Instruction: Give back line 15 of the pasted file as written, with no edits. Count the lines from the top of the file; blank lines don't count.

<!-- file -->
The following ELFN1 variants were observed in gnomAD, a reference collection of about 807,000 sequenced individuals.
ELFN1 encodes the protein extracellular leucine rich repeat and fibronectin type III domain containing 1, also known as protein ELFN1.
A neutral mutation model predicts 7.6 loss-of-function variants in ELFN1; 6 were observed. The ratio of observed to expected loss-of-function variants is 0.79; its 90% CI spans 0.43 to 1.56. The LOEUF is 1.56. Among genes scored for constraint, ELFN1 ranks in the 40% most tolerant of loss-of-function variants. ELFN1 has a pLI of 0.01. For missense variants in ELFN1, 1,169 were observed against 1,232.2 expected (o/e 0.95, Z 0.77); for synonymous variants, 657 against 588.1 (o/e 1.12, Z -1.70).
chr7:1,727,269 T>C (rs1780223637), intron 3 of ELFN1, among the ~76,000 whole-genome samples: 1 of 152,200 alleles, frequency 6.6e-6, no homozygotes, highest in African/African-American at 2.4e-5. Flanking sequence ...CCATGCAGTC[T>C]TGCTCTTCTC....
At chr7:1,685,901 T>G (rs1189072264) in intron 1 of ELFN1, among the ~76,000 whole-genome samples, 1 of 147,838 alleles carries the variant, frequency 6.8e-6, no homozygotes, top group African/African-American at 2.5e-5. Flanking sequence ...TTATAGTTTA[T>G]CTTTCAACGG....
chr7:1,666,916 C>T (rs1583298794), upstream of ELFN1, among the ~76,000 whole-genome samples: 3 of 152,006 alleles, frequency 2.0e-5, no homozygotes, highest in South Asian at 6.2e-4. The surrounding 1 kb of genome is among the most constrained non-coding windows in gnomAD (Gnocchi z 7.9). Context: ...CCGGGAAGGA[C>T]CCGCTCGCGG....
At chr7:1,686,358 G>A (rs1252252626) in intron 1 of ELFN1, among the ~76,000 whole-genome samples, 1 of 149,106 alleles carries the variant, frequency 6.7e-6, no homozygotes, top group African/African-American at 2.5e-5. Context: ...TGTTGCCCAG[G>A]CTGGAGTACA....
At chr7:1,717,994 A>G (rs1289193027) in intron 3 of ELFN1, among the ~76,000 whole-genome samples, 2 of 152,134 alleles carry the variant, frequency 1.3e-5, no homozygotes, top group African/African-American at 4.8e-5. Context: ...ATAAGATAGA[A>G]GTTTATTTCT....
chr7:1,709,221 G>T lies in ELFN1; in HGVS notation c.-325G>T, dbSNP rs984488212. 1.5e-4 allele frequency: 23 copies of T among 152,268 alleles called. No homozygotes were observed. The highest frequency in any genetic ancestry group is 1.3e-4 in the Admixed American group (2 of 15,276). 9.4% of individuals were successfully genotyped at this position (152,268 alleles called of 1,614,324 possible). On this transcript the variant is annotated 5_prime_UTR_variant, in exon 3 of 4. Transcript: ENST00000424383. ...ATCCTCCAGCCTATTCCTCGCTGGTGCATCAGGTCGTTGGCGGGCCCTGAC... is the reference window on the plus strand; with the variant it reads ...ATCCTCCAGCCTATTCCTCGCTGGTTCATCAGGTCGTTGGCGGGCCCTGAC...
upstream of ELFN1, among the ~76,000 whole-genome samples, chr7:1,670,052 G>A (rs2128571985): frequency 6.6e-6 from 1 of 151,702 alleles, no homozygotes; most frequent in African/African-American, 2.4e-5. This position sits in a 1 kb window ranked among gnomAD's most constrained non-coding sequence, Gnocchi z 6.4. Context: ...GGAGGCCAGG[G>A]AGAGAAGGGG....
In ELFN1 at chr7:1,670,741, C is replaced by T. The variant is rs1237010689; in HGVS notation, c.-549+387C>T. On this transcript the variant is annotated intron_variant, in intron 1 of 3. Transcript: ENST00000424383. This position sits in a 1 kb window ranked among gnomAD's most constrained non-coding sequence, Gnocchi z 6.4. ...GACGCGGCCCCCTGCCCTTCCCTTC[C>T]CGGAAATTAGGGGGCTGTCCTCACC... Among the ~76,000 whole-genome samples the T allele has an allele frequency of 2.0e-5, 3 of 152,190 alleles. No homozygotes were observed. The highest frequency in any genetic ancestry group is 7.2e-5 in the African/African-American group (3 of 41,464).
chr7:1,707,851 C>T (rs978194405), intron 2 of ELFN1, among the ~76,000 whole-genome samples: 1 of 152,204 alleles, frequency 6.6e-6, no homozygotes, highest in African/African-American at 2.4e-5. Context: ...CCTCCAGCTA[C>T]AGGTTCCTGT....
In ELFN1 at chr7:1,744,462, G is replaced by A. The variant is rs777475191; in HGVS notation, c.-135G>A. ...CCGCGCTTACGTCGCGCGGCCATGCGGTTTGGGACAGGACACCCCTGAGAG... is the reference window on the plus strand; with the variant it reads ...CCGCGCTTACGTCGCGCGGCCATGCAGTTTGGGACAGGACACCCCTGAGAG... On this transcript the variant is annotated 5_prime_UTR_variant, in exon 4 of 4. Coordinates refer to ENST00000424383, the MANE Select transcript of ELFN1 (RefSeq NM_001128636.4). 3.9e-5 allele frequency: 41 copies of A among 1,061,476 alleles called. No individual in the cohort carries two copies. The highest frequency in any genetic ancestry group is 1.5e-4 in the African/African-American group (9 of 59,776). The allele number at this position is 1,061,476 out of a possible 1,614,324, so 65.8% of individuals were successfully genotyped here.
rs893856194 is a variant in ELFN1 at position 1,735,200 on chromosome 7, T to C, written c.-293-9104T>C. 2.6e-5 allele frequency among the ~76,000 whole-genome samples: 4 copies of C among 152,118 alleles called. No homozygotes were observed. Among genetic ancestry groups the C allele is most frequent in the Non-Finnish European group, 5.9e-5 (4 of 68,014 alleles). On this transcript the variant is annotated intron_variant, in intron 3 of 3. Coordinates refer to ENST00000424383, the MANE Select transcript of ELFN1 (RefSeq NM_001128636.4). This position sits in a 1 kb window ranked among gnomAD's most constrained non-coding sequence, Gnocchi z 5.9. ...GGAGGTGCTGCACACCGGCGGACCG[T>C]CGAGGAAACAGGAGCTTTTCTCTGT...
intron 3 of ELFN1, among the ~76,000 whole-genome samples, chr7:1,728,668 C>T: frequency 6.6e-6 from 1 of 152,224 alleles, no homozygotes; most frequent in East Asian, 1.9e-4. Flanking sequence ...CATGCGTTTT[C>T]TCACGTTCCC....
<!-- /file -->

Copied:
intron 3 of ELFN1, among the ~76,000 whole-genome samples, chr7:1,728,668 C>T: frequency 6.6e-6 from 1 of 152,224 alleles, no homozygotes; most frequent in East Asian, 1.9e-4. Flanking sequence ...CATGCGTTTT[C>T]TCACGTTCCC....